One of the things we wish for when we have a pet dog is spending many happy years together.
Playing, taking walks in the park, watching movies, preparing dinner for everyone, talking to your dog while it responds with barks, hugging it with sweetness, and your dog licking you with happiness.
Yes, it can be regretful that dogs do not live as long as humans. But, when adopting a dog, you can make a choice among dog breeds with a longer, healthier lifespan.
Want to find out which dog breeds they are? Here’s a list of them:
- Australian Cattle Dog. This dog breed holds the record for the oldest dog to have ever lived at 29 years old based on the Guinness Book of World Records. Also called Blue Heeler or Queensland Heeler, this high-spirited dog breed is known for smartness, mental keenness, strength, and agility. “These dogs live so long because they are naturally active, which means they get a lot of health benefits from exercise,” said Jeff Neal of The Critter Depot. “But they are also a small to medium-sized dog, which means they don’t have a lot of weight to lumber around that breaks down their cartilage faster.”
- Chihuahua. This dog breed is the smallest in the world, but enjoys a long and healthy lifespan of up to 20 years with proper care according to Dr. Rachel Barrack. Known as Mexico’s icon, this dog’s history goes back to the pre-Columbian times. Yes, despite its tiny size, a chihuahua is full of charm, energy, and the confidence of a big dog. This dog is suitable for city life, and can prove to be a great companion for a family but not so much with young children as a nanny dog.
- Poodle. This is an amazing pet for everyone, including people with allergies. With a curly, low-allergen coat, it does not shed its fur, which is one of its great qualities, which include high intelligence and elegant looks. A poodle has a life expectancy of 10-18 years. All Poodle types – Standard, Miniature, or Toy – also possess a similar aristocratic physical build. When it comes to relationships with family and young children, they rank at 5 stars.
- Belgian Malinois. This breed is another excellent working and guard dog that’s popular for its extraordinary energy and endurance. It is very smart and loyal and lives for its owner. Life expectancy is between 14-16 years. “Belgian Malinois are nearly always free of kidney and liver disease and rarely have heart conditions or luxating patellas,” explained Steffi Trott of Spirit Dog Training. “They tend to be very food-driven dogs and can over-eat especially as they age, so owners should watch out to make sure that their Malinois does not become overweight.”
- Icelandic Sheepdog
This excellent dog has a natural fondness for children and families. Originating in Iceland, this breed is known for its faithfulness to its owner. An Icelandic Sheepdog can live between 12 and 14 years, and it requires little maintenance. However, like some breeds, it can be prone to certain weaknesses. “These dogs can have hip and elbow dysplasia and kneecap luxation,” said Dr. Michelle Burch of Safe Hounds Pet Insurance. “Breeders have the responsibility for testing their dogs for these diseases and not breeding them.”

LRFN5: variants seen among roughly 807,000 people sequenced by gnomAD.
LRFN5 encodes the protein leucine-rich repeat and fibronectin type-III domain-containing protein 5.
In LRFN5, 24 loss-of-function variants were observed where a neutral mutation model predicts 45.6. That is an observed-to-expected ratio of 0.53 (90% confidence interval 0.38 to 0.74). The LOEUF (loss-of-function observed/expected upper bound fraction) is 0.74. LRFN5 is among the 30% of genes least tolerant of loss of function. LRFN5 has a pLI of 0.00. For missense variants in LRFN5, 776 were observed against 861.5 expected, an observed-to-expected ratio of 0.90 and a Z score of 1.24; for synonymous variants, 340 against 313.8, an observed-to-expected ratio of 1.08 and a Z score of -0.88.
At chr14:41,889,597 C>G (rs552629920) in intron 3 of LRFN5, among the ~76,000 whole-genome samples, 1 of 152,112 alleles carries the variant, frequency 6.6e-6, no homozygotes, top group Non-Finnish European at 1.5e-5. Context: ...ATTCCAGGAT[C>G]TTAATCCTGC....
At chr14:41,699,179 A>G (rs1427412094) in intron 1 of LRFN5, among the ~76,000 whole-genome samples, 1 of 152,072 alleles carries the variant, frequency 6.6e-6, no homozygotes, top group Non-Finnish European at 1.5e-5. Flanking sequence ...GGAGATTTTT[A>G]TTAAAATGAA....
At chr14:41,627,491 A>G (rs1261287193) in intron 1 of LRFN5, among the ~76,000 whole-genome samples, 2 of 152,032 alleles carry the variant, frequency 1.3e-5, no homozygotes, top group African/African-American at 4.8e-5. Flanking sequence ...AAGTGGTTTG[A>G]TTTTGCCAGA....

- English foxhound. This breed is often picked by hunters due to its nature as a hunter and pack-oriented dog. Its extraordinary stamina and perfect physical structure — long, sturdy legs, level back, and deep chest — enable this dog to keep on running for hours in pursuit of prey. “Foxhounds were bred to be of outstanding physical condition, with little or no genetically manifested diseases such as elbow dysplasia, patella luxation, or eye conditions,” said Trott. “Foxhounds are not prone to having rashes or food allergies and often live up to 13 years.”
- German Shorthaired Pointer. Known for its hunting skills, this breed is also great as a house dog. Regular exercise is necessary to maintain its health, and it does love outdoor activities. You’ll also grow fond of its loyal and enduring character along with agility and speed. “The most commonly reported diseases in German shorthaired pointers are hip dysplasia, entropion (the eyelid rolls inward toward the cornea resulting in irritation), and some cancers,” explained Dr. Burch. “They are full of energy with a lifespan of ten to 12 years of age.”
- Pyrenean Shepherd. As a descendant of the ancient dogs of the Pyrenees mountains, this herding dog is made of tough character combined with smartness and high spirits. It is very hard-working with high stamina; it can lead a herd through difficult terrains for long hours. When it comes to living with a family, this breed is naturally affectionate, although you should not expect it to be great at taking care of young children. “The breed is notably free of many genetic diseases, is not prone to heart conditions or cancer, and tends to be very easy keepers,” said Trott. “Only rarely are they prone to food allergies or skin rashes. They can live up to 17 years.”
- Basenji. Also known as Africa’s Barkless Dog, this dog does not bark. Instead, it communicates with sounds that many call a yodel. This dog is a natural hunter, but it is also a good family dog with a life expectancy of 13 – 14 years. It requires regular exercise. “These sweet African sighthounds are long-lived and have few health conditions for you to worry about,” said dog expert Jeff Carbridge. “Fanconi syndrome and anemia are the main concerns, but these are very rare, and responsible breeders will have tested parents for them beforehand.”
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